Pitch Sticks

Working with Pitch:
Hafting, Bonding and Waterproofing

(As featured in the May 2009 issue of Practically Seeking)

A pitch stick is your storage device and applicator all in one. Pitch can be used to cover cordage or other porous materials as a waterproofing agent, or to bond pieces together such has hafting an arrow point onto a shaft.  

Now that you have a collection of prepared pitch sticks based on last month's instructions, here is the way to use them to secure arrow points or other blades.

The adhesive qualities of pitch are minimal, as it acts mostly as a filler, but following these instructions will help achieve maximum bonding.

NOTE: ALWAYS USE CAUTION and good judgement when using pitch! It is extremely flammable and the fumes are toxic. Always process and use in a well-ventilated area.

Tips & Tricks for working with Pitch:

Step-by-step Instructions for Using Pitch Sticks:

  1. Begin by slowly heating the items you want to bond together. I prefer to use indirect heat, such as a very warm stone, but direct heat, such as flame or a stove burner, will work as well. Heat the pieces until they are very warm to the touch -- hot enough that the pitch will begin to melt a bit when touched to the objects. This will allow the pitch to penetrate the surfaces, improving the bond.
  2. Materials Indirect heat

  3. Heat your pitch stick until it begins to melt just slightly and becomes almost gummy. Do not allow the pitch to become to hot so that it starts to drip as this makes it much harder to control application.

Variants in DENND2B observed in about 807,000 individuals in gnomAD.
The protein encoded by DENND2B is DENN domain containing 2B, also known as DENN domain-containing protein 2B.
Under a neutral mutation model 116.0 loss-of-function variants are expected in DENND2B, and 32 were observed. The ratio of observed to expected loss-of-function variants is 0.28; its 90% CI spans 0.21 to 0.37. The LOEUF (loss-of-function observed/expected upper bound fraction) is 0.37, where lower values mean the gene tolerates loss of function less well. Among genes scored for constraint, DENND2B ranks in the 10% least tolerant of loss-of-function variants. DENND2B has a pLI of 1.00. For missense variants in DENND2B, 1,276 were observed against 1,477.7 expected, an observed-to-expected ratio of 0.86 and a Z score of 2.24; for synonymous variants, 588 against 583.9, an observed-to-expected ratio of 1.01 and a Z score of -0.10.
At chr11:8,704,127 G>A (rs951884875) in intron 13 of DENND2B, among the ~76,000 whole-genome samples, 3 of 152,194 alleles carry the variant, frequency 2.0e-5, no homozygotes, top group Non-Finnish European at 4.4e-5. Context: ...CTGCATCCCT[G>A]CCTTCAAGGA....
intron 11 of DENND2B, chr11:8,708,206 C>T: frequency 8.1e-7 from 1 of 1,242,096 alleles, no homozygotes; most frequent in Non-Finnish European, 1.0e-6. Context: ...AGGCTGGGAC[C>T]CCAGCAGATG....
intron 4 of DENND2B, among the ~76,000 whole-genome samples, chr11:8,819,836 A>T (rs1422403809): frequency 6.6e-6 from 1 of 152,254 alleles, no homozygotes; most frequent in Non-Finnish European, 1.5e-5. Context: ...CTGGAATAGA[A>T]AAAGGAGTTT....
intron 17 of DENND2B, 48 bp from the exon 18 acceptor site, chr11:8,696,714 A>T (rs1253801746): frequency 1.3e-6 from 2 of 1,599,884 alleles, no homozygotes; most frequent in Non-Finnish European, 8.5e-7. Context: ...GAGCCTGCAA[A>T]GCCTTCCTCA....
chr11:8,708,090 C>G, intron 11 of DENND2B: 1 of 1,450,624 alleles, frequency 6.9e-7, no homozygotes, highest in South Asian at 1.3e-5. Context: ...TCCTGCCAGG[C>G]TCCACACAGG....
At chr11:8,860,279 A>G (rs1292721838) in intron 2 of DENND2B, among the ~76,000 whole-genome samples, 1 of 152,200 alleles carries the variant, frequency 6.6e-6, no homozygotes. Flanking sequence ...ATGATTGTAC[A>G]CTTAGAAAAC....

4. Warm pitch stick

  5. Apply a small amount of pitch to each of the surfaces you want to bond together. Notches need to be filled about half full and flat surfaces must be well coated.
  6. Apply pitch liberally Nocks should be half full Cover surfaces well

  7. Put the pieces together and align them into their finished position. Hold them carefully in place until the pitch and the pieces have cooled.
  8. Hold together while cooling Bonded arrow Cooled in place

  9. Scrape away any excess pitch using a stone flake or knife blade.
  10. Using a stone flake Remove excess pitch

  11. Heat a small stone or other object with a rounded edge and use it to blend and smooth the joint. Be careful not to overheat, as you don't want to change the bond or allow the pieces to slip. The objective is to only make the surface nice and smooth.
  12. Round-edged tool for smoothing Smooth out the pitch Smooth joints

  13. Scrape away any remaining residue and wrap the join with sinew or other material, if appropriate.
  14. Scrape away remaining excess Sinew wrapping Hafted point

    This basic technique can be used to join a whole host of materials
    from bone for fish hooks and tweezers to bark for basketry — the uses are almost endless.
    So experiment with this wonderful  material, and
    Have Fun!